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From my understanding,

(.)(?<!\1)

should never match. Actually, php's preg_replace even refuses to compile this and so does ruby's gsub. The python re module seems to have a different opinion though:

import re
test = 'xAAAAAyBBBBz'
print (re.sub(r'(.)(?<!\1)', r'(\g<0>)', test))

Result:

(x)AAAA(A)(y)BBB(B)(z)

Can anyone provide a reasonable explanation for this behavior?

Update

This behavior appears to be a limitation in the re module. The alternative regex module seems to handle groups in assertions correctly:

import regex

test = 'xAAAAAyBBBBz'

print (regex.sub(r'(.)(?<!\1)', r'(\g<0>)', test))
## xAAAAAyBBBBz

print (regex.sub(r'(.)(.)(?<!\1)', r'(\g<0>)', test))
## (xA)AAA(Ay)BBB(Bz)

Note that unlike pcre, regex also allows variable-width lookbehinds:

print (regex.sub(r'(.)(?<![A-Z]+)', r'(\g<0>)', test))
## (x)AAAAA(y)BBBB(z)

Eventually, regex is going to be included in the standard library, as mentioned in PEP 411.

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3  
It's matching as if you used (.)(?!\1). –  FakeRainBrigand Apr 23 '12 at 10:56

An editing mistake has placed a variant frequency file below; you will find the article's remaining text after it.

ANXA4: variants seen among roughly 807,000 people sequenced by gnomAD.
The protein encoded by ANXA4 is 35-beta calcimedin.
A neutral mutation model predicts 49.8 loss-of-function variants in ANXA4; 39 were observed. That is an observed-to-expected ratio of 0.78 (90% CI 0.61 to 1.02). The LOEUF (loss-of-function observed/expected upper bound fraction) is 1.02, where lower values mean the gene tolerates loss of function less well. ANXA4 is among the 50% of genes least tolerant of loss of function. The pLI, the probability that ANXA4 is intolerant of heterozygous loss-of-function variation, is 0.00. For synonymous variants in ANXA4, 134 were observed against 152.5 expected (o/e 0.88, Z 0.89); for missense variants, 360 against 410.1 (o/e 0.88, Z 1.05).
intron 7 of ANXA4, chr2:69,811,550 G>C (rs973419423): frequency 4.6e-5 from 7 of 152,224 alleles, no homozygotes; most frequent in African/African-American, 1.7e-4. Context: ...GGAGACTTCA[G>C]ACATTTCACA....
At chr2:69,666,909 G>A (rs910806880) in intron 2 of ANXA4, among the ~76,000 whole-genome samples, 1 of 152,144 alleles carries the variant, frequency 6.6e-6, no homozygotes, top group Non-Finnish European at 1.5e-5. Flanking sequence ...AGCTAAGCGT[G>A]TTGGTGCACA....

1 Answer 1

up vote 5 down vote accepted

This does look like a limitation (nice way of saying "bug", as I learned from a support call with Microsoft) in the Python re module.

I guess it has to do with the fact that Python does not support variable-length lookbehind assertions, but it's not clever enough to figure out that \1 will always be fixed-length. Why it doesn't complain about this when compiling the regex, I can't say.

Funnily enough:

>>> print (re.sub(r'.(?<!\0)', r'(\g<0>)', test))
(x)(A)(A)(A)(A)(A)(y)(B)(B)(B)(B)(z)
>>>
>>> re.compile(r'(.*)(?<!\1)') # This should trigger an error but doesn't!
<_sre.SRE_Pattern object at 0x00000000026A89C0>

So better don't use backreferences in lookbehind assertions in Python. Positive lookbehind isn't much better (it also matches here as if it was a positive lookahead):

>>> print (re.sub(r'(.)(?<=\1)', r'(\g<0>)', test))
x(A)(A)(A)(A)Ay(B)(B)(B)Bz

And I can't even guess what's going on here:

>>> print (re.sub(r'(.+)(?<=\1)', r'(\g<0>)', test))
x(AA)(A)(A)Ay(BB)(B)Bz
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Thanks, this confirms my feelings about this being a bug. –  gdbdmdb Apr 24 '12 at 11:56
    
Python is apparently not the only language that has problems with backreference in lookbehind assertions: stackoverflow.com/questions/2734977/… –  Tim Pietzcker May 2 '12 at 6:06

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